Before he became a golfer, Carpenter was an outstanding athlete at Hattiesburg High and at USM. He was a three-sport (basketball, baseball, tennis) at Hattiesburg High, all-state in basketball. He played basketball for Mississippi Sports Hall of Famer Lee Floyd at USM.
He worked as a high school basketball coach, sold insurance and then sold oil field supplies before being introduced to the game of golf at age 33 at the old Duncan Park golf course in Natchez. Quickly he was hooked.
Carpenter's rise through the golf ranks was as fast as it was phenomenal. He took up golf in 1959. He became a pro in 1964. He joined the PGA of America in 1969. He became president of the Mississippi PGA in 1973, president of the Gulf States Section of the PGA in 1974, treasurer of the PGA of America in 1983 and President of the PGA of America in 1987.
As the PGA of America's website Wednesday morning said: Carpenter applied “both homespun wit and counsel to become a respected leader” in golf.
Carpenter has been inducted into the USM Sports Hall of Fame, the USM Alumni Hall of Fame, the Mississippi Sports Hall of Fame and the Gulf States PGA Hall of Fame. He is a member of Jack Nicklaus’s Memorial Tournament’s Captain’s Club. On Oct. 4, he will be inducted posthumously into the inaugural class of the Hattiesburg Hall of Fame.
The golf, sports and alumni halls of fame are nice, but if there existed a Hall of Fame of Wit, J.R. would be a charter inductee. One more sample:
This was when Tiger Woods was a rookie on the PGA Tour, playing in the PGA Championship. Early in the week, Paul Azinger was telling Ryder Cup stories to Tiger and J.R., whom Woods knew only as Mr. Carpenter. One of the stories involved Jack Nicklaus and James Ray Carpenter, whom Azinger referred to as J.R. Woods listened, obviously puzzled, and finally asked Azinger, "Who's this J.R.?"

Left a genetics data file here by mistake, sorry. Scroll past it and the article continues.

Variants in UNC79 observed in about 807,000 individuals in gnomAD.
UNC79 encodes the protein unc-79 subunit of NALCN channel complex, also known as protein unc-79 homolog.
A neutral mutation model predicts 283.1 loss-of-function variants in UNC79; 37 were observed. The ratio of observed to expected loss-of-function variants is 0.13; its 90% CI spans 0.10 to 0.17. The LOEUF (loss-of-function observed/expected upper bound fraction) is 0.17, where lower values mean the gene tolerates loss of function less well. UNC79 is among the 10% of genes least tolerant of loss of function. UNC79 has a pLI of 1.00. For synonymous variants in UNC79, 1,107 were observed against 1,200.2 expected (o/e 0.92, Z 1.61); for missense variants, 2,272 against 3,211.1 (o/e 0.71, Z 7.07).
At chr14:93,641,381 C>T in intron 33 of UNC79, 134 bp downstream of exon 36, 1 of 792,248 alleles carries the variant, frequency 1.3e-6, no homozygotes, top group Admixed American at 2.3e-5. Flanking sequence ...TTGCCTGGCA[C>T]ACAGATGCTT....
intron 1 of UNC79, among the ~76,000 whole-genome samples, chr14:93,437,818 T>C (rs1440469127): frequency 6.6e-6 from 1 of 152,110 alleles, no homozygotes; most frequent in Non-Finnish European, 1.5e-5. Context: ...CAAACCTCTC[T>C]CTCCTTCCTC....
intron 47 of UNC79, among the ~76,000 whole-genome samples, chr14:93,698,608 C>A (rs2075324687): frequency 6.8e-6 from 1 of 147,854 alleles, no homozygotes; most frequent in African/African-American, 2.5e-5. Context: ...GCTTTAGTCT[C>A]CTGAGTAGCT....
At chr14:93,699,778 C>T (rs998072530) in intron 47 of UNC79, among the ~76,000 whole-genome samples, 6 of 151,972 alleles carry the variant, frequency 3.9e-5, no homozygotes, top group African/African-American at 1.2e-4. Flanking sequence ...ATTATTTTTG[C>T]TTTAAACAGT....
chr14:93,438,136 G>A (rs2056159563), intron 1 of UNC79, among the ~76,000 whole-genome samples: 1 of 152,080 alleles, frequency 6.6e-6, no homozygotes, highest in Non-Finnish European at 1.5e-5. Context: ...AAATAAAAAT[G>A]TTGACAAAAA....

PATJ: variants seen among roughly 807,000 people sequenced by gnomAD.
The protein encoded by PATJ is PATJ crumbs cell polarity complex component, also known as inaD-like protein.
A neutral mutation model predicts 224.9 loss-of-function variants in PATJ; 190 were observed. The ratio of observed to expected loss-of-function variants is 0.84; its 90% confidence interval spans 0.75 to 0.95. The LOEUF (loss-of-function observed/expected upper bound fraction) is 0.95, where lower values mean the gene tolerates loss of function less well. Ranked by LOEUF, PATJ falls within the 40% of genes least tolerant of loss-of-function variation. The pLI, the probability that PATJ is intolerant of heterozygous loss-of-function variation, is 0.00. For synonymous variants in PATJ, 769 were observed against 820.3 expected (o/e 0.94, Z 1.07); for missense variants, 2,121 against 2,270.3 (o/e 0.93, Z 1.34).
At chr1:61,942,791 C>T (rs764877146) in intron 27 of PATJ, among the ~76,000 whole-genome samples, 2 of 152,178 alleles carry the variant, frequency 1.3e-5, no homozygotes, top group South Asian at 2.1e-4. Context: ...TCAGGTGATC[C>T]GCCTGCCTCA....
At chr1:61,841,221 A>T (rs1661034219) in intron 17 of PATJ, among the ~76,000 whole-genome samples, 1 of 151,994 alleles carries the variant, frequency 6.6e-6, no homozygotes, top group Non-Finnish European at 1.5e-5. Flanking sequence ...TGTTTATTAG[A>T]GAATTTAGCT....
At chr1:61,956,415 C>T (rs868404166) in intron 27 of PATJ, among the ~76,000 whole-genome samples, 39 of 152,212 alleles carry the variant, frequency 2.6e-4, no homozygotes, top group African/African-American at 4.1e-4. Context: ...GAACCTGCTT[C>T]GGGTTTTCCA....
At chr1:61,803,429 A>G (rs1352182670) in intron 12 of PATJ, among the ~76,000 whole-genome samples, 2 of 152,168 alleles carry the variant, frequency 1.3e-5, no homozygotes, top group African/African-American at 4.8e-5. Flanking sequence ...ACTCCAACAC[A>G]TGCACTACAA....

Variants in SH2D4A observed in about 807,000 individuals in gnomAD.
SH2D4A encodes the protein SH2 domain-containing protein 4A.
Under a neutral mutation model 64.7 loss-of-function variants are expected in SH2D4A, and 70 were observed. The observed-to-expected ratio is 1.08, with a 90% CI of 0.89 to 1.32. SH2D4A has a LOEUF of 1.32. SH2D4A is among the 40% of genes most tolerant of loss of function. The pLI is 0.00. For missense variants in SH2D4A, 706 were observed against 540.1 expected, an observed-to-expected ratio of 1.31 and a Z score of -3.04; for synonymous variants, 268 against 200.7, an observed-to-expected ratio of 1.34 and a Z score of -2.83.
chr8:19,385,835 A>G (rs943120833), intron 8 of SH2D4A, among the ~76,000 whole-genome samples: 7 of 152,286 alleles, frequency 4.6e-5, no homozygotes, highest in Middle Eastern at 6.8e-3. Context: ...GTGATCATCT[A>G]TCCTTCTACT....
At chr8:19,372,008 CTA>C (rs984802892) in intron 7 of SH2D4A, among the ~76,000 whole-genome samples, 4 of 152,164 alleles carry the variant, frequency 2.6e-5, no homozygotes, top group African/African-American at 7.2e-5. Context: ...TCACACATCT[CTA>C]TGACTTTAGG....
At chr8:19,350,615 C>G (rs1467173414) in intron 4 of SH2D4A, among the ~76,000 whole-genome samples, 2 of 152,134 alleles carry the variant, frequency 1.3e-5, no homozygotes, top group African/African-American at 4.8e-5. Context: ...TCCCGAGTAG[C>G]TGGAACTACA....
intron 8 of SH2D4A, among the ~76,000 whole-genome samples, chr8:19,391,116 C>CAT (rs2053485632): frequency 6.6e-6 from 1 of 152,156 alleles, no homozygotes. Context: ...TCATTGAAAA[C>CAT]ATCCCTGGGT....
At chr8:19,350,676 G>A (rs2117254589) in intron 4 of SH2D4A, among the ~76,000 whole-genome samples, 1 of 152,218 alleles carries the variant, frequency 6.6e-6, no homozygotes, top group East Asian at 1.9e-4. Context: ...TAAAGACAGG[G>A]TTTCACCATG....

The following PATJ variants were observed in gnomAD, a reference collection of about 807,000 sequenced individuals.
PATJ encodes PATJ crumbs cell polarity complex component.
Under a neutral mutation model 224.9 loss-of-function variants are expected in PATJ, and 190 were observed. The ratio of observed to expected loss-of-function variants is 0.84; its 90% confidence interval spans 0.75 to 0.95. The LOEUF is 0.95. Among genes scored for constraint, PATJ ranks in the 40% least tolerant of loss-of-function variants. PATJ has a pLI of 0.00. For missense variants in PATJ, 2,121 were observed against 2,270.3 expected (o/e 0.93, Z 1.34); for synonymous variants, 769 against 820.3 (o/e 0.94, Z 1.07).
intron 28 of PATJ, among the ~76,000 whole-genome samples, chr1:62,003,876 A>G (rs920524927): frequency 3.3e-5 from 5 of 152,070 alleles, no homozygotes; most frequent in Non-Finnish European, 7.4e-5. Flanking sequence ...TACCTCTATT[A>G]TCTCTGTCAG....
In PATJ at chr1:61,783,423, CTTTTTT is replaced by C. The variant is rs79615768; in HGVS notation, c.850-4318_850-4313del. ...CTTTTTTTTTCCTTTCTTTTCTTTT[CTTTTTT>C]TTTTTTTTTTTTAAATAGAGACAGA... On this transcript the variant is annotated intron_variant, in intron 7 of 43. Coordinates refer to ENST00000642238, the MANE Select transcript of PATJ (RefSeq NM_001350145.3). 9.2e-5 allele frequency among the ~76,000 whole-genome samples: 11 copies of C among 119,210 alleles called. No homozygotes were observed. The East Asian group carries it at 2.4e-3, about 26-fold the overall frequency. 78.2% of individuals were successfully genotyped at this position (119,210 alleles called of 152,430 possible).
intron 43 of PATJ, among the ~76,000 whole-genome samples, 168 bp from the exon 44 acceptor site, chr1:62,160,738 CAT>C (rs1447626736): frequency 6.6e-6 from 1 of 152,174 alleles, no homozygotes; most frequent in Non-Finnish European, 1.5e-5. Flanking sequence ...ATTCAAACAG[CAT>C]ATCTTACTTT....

Azinger and J.R. broke down laughing and Azinger pointed at J.R. Carpenter.
Now then, fast-forward to the opening round of the tournament. J.R. was the starter on the first tee, announcing each player. It came time for Woods to tee off, and, of course, the crowd at the first tee had swelled to the largest of the day.
J.R. Carpenter was ready. "Ladies and gentlemen, next on the tee, winner of three USGA National Junior Tournaments, three U.S. Amateurs, two PGA tournaments, Tiger ... (long pause) young man, what is your last name?"
Tiger Woods broke up laughing and pointed at J.R. as if to say, "You got me back."
Cleveland is a Hattiesburg native and proud graduate of Hattiesburg High School and the University of Southern Mississippi. He has been honored as Mississippi Sportswriter of the Year a record 10 times by the National Sports Media Foundation. On Thursday, Cleveland was inducted into the Hattiesburg School District Hall of Fame, along with Carpenter, who died last month, and his classmate – the late, Bobby Myrick. Cleveland penned the Carpenter piece on the day he died. He wrote about Myrick in May 2017 in preparation of the annual Bobby Myrick Memorial Fellowship of Christian Athletes Golf Classic at the Hattiesburg Country Club. They both first appeared at Mississippi Today.